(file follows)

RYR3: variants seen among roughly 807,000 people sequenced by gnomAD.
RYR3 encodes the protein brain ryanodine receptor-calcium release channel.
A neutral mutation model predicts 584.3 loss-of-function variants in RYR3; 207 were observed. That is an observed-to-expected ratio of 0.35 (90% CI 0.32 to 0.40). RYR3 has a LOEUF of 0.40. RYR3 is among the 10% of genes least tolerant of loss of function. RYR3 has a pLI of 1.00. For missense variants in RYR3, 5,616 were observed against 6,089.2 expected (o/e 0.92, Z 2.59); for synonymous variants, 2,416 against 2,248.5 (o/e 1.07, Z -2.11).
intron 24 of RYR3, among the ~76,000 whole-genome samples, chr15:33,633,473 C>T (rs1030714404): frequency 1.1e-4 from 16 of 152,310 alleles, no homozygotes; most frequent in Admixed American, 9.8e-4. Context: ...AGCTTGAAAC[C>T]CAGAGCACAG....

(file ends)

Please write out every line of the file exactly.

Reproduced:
RYR3: variants seen among roughly 807,000 people sequenced by gnomAD.
RYR3 encodes the protein brain ryanodine receptor-calcium release channel.
A neutral mutation model predicts 584.3 loss-of-function variants in RYR3; 207 were observed. That is an observed-to-expected ratio of 0.35 (90% CI 0.32 to 0.40). RYR3 has a LOEUF of 0.40. RYR3 is among the 10% of genes least tolerant of loss of function. RYR3 has a pLI of 1.00. For missense variants in RYR3, 5,616 were observed against 6,089.2 expected (o/e 0.92, Z 2.59); for synonymous variants, 2,416 against 2,248.5 (o/e 1.07, Z -2.11).
intron 24 of RYR3, among the ~76,000 whole-genome samples, chr15:33,633,473 C>T (rs1030714404): frequency 1.1e-4 from 16 of 152,310 alleles, no homozygotes; most frequent in Admixed American, 9.8e-4. Context: ...AGCTTGAAAC[C>T]CAGAGCACAG....